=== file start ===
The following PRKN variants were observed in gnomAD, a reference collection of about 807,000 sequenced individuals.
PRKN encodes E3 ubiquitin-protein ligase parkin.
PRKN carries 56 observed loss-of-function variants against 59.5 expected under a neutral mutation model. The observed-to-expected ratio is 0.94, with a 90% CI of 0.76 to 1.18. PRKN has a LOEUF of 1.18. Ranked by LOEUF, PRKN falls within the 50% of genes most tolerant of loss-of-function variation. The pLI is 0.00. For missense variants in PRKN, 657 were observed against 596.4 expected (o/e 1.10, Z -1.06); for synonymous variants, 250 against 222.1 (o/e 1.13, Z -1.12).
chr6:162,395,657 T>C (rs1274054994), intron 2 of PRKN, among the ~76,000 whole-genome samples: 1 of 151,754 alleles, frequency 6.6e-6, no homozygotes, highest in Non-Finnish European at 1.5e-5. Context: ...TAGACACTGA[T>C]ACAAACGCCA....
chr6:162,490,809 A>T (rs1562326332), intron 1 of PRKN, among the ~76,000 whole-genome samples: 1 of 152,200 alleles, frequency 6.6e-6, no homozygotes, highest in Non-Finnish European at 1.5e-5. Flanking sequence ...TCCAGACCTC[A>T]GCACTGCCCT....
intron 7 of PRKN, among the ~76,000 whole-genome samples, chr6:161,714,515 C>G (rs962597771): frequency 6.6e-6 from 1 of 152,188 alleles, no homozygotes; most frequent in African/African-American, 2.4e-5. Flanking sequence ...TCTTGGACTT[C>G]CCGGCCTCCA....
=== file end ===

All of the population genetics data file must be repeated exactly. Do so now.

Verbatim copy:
The following PRKN variants were observed in gnomAD, a reference collection of about 807,000 sequenced individuals.
PRKN encodes E3 ubiquitin-protein ligase parkin.
PRKN carries 56 observed loss-of-function variants against 59.5 expected under a neutral mutation model. The observed-to-expected ratio is 0.94, with a 90% CI of 0.76 to 1.18. PRKN has a LOEUF of 1.18. Ranked by LOEUF, PRKN falls within the 50% of genes most tolerant of loss-of-function variation. The pLI is 0.00. For missense variants in PRKN, 657 were observed against 596.4 expected (o/e 1.10, Z -1.06); for synonymous variants, 250 against 222.1 (o/e 1.13, Z -1.12).
chr6:162,395,657 T>C (rs1274054994), intron 2 of PRKN, among the ~76,000 whole-genome samples: 1 of 151,754 alleles, frequency 6.6e-6, no homozygotes, highest in Non-Finnish European at 1.5e-5. Context: ...TAGACACTGA[T>C]ACAAACGCCA....
chr6:162,490,809 A>T (rs1562326332), intron 1 of PRKN, among the ~76,000 whole-genome samples: 1 of 152,200 alleles, frequency 6.6e-6, no homozygotes, highest in Non-Finnish European at 1.5e-5. Flanking sequence ...TCCAGACCTC[A>T]GCACTGCCCT....
intron 7 of PRKN, among the ~76,000 whole-genome samples, chr6:161,714,515 C>G (rs962597771): frequency 6.6e-6 from 1 of 152,188 alleles, no homozygotes; most frequent in African/African-American, 2.4e-5. Flanking sequence ...TCTTGGACTT[C>G]CCGGCCTCCA....